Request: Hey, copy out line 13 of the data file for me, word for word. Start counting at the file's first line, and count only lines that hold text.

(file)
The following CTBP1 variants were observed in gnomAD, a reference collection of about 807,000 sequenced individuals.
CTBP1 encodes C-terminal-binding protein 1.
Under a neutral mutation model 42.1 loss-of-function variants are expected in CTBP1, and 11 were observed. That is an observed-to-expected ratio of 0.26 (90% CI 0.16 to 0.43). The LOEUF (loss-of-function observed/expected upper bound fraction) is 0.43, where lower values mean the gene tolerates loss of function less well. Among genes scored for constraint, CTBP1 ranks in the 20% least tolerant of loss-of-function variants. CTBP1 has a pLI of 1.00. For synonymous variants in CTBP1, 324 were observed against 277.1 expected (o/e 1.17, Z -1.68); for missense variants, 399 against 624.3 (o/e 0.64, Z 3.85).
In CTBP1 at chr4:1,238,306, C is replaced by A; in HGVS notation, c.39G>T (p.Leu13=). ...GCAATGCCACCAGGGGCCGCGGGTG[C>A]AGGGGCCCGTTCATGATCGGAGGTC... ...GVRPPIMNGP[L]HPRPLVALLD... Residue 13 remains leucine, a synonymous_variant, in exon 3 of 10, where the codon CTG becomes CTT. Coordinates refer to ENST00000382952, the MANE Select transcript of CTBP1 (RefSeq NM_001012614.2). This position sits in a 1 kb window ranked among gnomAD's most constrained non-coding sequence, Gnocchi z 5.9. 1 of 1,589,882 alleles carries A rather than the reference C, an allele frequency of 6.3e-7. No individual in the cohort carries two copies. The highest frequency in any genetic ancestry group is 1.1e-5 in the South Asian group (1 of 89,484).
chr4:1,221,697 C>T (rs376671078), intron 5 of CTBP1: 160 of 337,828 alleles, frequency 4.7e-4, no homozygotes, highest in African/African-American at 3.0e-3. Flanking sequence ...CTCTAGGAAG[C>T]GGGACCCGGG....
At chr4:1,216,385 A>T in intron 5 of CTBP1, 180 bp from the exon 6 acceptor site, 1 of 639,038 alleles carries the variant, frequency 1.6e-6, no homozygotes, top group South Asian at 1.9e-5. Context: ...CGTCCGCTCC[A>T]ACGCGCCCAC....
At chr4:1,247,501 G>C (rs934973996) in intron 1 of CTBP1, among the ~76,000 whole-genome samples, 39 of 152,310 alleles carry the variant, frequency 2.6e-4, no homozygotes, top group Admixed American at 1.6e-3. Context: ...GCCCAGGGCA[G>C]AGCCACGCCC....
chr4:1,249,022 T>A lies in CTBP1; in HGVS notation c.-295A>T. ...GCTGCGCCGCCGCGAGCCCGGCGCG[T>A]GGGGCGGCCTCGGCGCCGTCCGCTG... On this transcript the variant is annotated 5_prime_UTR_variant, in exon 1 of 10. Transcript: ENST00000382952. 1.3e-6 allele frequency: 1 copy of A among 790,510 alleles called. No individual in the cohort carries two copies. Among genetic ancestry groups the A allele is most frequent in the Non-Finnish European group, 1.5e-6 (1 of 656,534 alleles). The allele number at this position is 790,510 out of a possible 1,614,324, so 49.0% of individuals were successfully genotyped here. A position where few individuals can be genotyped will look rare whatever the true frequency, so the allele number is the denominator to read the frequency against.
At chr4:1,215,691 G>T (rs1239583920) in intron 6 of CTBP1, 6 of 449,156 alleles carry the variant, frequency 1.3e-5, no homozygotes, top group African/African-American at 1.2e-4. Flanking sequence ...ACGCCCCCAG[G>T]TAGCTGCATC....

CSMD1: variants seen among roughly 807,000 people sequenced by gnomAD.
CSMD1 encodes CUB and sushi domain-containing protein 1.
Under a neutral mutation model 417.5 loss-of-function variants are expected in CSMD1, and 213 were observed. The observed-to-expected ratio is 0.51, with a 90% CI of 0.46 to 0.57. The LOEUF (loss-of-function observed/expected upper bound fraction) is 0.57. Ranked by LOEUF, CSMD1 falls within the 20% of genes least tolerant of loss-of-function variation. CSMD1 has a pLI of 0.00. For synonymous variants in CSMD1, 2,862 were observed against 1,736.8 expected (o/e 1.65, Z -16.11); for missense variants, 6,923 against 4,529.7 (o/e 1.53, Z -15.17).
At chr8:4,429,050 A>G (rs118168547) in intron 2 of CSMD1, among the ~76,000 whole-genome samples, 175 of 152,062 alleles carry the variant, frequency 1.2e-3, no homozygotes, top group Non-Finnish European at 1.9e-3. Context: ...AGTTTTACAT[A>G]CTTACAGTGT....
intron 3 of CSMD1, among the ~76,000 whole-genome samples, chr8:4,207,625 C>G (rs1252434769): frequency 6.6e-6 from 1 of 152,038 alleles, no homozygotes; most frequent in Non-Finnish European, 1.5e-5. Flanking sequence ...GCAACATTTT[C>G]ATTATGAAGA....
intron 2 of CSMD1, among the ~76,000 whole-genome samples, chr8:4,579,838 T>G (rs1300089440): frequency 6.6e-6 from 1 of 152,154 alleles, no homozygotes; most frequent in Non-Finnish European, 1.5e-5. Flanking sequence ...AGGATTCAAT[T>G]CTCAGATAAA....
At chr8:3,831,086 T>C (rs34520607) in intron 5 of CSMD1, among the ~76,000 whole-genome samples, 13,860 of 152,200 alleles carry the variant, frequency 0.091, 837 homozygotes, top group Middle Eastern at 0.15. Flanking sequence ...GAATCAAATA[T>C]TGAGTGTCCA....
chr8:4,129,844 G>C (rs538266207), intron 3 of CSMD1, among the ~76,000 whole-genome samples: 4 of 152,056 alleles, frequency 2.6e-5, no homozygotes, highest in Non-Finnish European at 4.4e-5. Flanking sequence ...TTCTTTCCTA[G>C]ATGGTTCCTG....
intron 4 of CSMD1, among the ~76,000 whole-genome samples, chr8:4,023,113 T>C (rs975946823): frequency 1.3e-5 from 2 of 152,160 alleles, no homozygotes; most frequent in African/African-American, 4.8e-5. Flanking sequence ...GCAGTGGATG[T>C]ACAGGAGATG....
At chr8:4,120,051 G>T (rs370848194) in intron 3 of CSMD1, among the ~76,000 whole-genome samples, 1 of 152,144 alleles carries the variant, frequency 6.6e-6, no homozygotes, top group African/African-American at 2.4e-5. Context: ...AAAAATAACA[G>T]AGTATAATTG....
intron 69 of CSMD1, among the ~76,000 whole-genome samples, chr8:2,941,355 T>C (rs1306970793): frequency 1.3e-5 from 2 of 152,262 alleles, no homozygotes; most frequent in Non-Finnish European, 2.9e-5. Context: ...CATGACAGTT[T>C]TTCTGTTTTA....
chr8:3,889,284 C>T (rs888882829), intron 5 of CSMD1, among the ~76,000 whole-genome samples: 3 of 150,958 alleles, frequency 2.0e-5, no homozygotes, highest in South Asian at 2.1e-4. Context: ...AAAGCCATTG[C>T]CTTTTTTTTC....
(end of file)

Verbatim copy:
At chr8:4,429,050 A>G (rs118168547) in intron 2 of CSMD1, among the ~76,000 whole-genome samples, 175 of 152,062 alleles carry the variant, frequency 1.2e-3, no homozygotes, top group Non-Finnish European at 1.9e-3. Context: ...AGTTTTACAT[A>G]CTTACAGTGT....